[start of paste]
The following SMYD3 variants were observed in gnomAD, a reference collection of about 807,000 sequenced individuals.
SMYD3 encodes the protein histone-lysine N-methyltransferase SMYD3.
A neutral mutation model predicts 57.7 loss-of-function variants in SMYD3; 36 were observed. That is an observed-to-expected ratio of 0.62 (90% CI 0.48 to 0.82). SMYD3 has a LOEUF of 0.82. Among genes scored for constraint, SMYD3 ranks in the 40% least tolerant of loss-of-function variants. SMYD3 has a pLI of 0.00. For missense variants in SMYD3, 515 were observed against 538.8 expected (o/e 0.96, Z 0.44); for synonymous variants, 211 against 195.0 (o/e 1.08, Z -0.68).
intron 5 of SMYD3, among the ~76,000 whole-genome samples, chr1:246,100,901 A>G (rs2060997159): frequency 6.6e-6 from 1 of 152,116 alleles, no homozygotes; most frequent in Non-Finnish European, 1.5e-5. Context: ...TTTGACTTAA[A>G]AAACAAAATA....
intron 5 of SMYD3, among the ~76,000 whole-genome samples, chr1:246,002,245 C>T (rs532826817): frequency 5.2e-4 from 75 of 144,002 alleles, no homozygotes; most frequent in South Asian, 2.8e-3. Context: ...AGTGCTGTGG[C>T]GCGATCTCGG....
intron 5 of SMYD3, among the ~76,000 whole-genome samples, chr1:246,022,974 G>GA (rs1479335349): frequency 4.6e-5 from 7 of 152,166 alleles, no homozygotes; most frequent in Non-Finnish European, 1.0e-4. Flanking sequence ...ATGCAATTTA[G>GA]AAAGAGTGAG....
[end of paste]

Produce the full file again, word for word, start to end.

The following SMYD3 variants were observed in gnomAD, a reference collection of about 807,000 sequenced individuals.
SMYD3 encodes the protein histone-lysine N-methyltransferase SMYD3.
A neutral mutation model predicts 57.7 loss-of-function variants in SMYD3; 36 were observed. That is an observed-to-expected ratio of 0.62 (90% CI 0.48 to 0.82). SMYD3 has a LOEUF of 0.82. Among genes scored for constraint, SMYD3 ranks in the 40% least tolerant of loss-of-function variants. SMYD3 has a pLI of 0.00. For missense variants in SMYD3, 515 were observed against 538.8 expected (o/e 0.96, Z 0.44); for synonymous variants, 211 against 195.0 (o/e 1.08, Z -0.68).
intron 5 of SMYD3, among the ~76,000 whole-genome samples, chr1:246,100,901 A>G (rs2060997159): frequency 6.6e-6 from 1 of 152,116 alleles, no homozygotes; most frequent in Non-Finnish European, 1.5e-5. Context: ...TTTGACTTAA[A>G]AAACAAAATA....
intron 5 of SMYD3, among the ~76,000 whole-genome samples, chr1:246,002,245 C>T (rs532826817): frequency 5.2e-4 from 75 of 144,002 alleles, no homozygotes; most frequent in South Asian, 2.8e-3. Context: ...AGTGCTGTGG[C>T]GCGATCTCGG....
intron 5 of SMYD3, among the ~76,000 whole-genome samples, chr1:246,022,974 G>GA (rs1479335349): frequency 4.6e-5 from 7 of 152,166 alleles, no homozygotes; most frequent in Non-Finnish European, 1.0e-4. Flanking sequence ...ATGCAATTTA[G>GA]AAAGAGTGAG....